What is hypnobirthing?

Hypnobirthing offers techniques that can help you feel calmer and more in control during labour. Some people say it helps with labour pain, too. Find out what it involves.

Hypnobirthing is a method of pain management that can be used during labour and birth. It is a mixture of visualisation, relaxation and deep breathing techniques. The aim is to help you feel calmer, more in control, and better able to cope with labour pain.

Breathing exercises have long been part of antenatal classes. Hypnobirthing takes these and adds relaxation, visualisation and mindfulness techniques to put you in a deep state of calm and conscious awareness.

This helps you avoid distractions, so you can focus solely on your body and your baby, and feel better about labour and birth. 

Hypnobirthing can be used with all other types of pain relief and be added to your birth preference plan.

What are the methods and techniques used in hypnobirthing?

There are a few techniques you can try. These include:

Controlled breathing

Breathing deeply, in through your nose and out through your mouth, may help you feel more in control and better able to cope during labour without medical pain relief.

Watch ‘How can I use breathing exercises during labour?’ from the NHS.


This is where you form an image of something pleasant in your mind to help you cope with labour. It can be a certain place, or maybe something more obscure, like a feeling or scenario.

For example, you could think of a flower opening with each wave of labour, or  picture what it will feel like to hold your baby skin to skin after they have been born. Think of it as a way to help you feel more prepared and confident.

"I just kept breathing and focused on anything I could find, which ended up being a clean flannel!"

Louise. Read more about her experience...

Deep relaxation

Deep relaxation is a kind of meditation technique. It can help you hone in on your body and baby during labour and block out any extra noise or things going on around you.

"My husband made me a relaxation album to use throughout labour and pregnancy. It really helped me to find calm serenity in the clinical hospital environment."

Georgina. Read more about her experience...

Pregnancy and birth affirmations

Affirmations or mantras can help you change your mindset so that giving birth feels more empowering than overwhelming. Putting this spin on the experience may help you relax and feel more in control.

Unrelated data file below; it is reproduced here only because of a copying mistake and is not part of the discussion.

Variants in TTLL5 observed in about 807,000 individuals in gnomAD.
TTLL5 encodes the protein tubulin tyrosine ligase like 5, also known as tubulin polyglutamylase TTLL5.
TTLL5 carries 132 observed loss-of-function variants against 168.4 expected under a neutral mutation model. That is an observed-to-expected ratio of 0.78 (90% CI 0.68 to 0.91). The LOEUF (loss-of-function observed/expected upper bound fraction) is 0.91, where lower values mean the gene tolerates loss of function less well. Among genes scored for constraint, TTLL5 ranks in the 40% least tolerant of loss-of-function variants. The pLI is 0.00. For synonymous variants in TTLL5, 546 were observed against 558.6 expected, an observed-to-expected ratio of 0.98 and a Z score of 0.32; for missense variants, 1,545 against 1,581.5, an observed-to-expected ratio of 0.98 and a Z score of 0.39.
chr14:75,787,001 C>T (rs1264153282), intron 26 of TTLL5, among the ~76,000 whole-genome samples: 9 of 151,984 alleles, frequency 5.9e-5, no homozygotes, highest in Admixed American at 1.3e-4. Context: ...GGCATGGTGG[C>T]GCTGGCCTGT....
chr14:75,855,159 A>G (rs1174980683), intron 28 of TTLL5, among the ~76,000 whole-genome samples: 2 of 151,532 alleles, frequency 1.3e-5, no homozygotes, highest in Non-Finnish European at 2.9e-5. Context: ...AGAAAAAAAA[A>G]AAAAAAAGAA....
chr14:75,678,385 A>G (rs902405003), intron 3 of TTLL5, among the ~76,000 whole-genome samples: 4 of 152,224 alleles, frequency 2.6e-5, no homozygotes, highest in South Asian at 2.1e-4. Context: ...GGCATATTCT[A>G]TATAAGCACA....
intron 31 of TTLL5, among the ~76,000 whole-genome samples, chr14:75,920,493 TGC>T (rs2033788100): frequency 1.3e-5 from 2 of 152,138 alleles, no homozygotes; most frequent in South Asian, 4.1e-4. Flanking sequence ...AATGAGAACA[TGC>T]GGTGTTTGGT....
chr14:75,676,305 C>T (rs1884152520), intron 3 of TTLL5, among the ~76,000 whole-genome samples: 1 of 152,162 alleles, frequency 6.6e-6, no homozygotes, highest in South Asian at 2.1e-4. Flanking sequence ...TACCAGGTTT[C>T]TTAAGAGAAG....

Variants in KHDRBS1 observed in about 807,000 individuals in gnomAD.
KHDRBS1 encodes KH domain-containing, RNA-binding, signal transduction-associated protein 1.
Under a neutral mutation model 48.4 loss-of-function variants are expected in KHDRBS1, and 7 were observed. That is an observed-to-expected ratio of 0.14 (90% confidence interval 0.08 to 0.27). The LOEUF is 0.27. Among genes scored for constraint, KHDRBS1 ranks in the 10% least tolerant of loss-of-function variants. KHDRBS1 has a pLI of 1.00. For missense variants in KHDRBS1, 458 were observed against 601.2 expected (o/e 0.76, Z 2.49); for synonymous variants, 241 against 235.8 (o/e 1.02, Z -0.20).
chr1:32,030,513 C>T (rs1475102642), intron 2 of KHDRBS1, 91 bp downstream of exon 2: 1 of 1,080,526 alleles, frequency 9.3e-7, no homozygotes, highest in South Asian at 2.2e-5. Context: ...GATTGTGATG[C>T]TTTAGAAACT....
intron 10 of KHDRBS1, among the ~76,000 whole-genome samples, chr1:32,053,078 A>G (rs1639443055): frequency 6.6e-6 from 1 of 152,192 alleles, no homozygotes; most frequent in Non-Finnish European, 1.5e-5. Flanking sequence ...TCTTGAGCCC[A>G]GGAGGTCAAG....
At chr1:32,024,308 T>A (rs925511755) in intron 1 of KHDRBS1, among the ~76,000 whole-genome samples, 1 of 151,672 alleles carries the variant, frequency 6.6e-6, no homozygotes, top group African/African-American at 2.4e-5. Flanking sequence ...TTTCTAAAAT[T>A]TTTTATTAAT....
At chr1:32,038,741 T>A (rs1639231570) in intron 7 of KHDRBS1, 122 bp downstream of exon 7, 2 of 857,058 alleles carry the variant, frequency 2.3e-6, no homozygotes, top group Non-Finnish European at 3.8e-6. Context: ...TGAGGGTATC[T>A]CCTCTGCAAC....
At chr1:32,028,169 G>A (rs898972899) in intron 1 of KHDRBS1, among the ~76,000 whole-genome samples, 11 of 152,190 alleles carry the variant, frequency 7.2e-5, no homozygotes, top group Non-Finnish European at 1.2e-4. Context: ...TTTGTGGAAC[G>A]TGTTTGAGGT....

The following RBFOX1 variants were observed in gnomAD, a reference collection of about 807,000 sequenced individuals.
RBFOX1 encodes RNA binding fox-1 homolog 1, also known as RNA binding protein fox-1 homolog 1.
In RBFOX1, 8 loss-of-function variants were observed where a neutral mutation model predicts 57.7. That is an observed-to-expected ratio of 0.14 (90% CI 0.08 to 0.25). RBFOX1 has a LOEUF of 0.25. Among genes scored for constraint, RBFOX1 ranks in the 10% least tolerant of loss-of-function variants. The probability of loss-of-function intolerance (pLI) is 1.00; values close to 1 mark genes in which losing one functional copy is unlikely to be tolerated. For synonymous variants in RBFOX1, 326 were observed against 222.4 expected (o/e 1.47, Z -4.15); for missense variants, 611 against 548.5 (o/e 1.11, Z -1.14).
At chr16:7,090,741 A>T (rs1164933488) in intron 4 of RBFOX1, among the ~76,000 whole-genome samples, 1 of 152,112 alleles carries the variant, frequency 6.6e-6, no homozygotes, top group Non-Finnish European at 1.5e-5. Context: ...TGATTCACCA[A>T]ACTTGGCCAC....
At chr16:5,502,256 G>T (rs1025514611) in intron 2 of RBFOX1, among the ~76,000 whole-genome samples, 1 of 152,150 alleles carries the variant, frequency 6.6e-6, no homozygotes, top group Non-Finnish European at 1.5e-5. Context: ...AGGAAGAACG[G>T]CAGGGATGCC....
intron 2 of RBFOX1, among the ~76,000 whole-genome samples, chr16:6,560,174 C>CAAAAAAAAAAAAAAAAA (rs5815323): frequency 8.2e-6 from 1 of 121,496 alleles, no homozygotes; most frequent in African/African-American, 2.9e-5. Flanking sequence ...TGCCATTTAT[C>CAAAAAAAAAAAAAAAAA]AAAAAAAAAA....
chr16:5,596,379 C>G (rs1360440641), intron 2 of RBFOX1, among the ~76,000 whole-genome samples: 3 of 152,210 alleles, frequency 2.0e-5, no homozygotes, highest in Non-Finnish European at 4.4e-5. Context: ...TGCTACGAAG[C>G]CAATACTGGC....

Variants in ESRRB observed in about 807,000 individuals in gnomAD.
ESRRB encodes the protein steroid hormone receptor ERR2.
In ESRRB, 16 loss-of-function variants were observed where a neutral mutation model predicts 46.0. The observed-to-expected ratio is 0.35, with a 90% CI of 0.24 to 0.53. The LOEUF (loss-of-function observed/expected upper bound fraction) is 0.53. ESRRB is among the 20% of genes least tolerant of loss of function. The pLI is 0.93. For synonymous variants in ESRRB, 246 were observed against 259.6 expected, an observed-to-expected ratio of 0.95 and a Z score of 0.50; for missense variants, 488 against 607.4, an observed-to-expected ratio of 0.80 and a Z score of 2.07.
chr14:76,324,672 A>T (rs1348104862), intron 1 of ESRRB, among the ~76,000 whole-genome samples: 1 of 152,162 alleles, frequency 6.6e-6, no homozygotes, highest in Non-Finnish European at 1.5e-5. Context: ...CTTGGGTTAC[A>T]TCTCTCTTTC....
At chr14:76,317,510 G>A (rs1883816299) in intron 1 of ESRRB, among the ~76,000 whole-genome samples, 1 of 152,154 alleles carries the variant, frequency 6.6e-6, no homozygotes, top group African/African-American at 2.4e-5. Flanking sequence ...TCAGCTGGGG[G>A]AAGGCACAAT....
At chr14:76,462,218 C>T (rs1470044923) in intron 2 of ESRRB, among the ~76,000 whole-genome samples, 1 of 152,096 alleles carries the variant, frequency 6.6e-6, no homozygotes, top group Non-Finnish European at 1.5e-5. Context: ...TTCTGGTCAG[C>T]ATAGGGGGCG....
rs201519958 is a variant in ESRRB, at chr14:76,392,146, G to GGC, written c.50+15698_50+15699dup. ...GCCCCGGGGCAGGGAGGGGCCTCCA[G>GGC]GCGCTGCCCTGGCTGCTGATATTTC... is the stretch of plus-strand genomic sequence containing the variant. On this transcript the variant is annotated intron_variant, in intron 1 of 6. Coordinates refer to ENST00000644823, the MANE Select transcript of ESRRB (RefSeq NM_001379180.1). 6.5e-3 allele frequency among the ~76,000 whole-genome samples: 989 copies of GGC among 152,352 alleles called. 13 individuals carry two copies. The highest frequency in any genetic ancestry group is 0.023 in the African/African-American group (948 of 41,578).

Changing the words you use can also help. Try using ‘surge’ or ‘wave’, instead of ‘contraction’. 

Affirmations to try include:

  • ‘I am calm, I am confident, I am happy.’
  • ‘I can do this, we can do this, let’s do this!’
  • ‘I will welcome my baby with peace, love and joy.’
  • ‘Each surge that I have brings me closer to meeting my baby.’

How often should I practise hypnobirthing techniques?

Some practise a few times a day, while others do it 2 to 3 times a week. Either way, fit your practice in when you can while you’re pregnant, so that you feel the full effects during labour.

Does hypnobirthing work?

Research has shown that hypnobirthing can help to reduce fear and pain, and offers an increased sense of control during labour. It can also help with anxiety, and reduce the need for medical interventions, for an improved birth experience. 

Here are some of the reasons that you might choose to try hypnobirthing:

  • Hypnobirthing can help you manage stress and reduce anxiety, which may lead to a calmer birth. During labour, your body creates a chemical called oxytocin, which helps progress your labour. Stress hormones affect the production of oxytocin. This can make your labour longer.
  • Getting a handle on your stress may also help to reduce some of the fear and pain during labour. 
  • In some cases, hypnobirthing and using relaxation techniques have been shown to make labour shorter.
  • Practising hypnobirthing, whether it is at a class, with a book or online, may help you to feel more prepared and in control when labour starts. 
  • It may help you cope with worry if you had a previous traumatic birth experience.
  • Hypnobirthing may reduce the need for drugs and medical intervention, although not all studies have found this. You can use hypnobirthing techniques along with other methods of pain relief if you want to.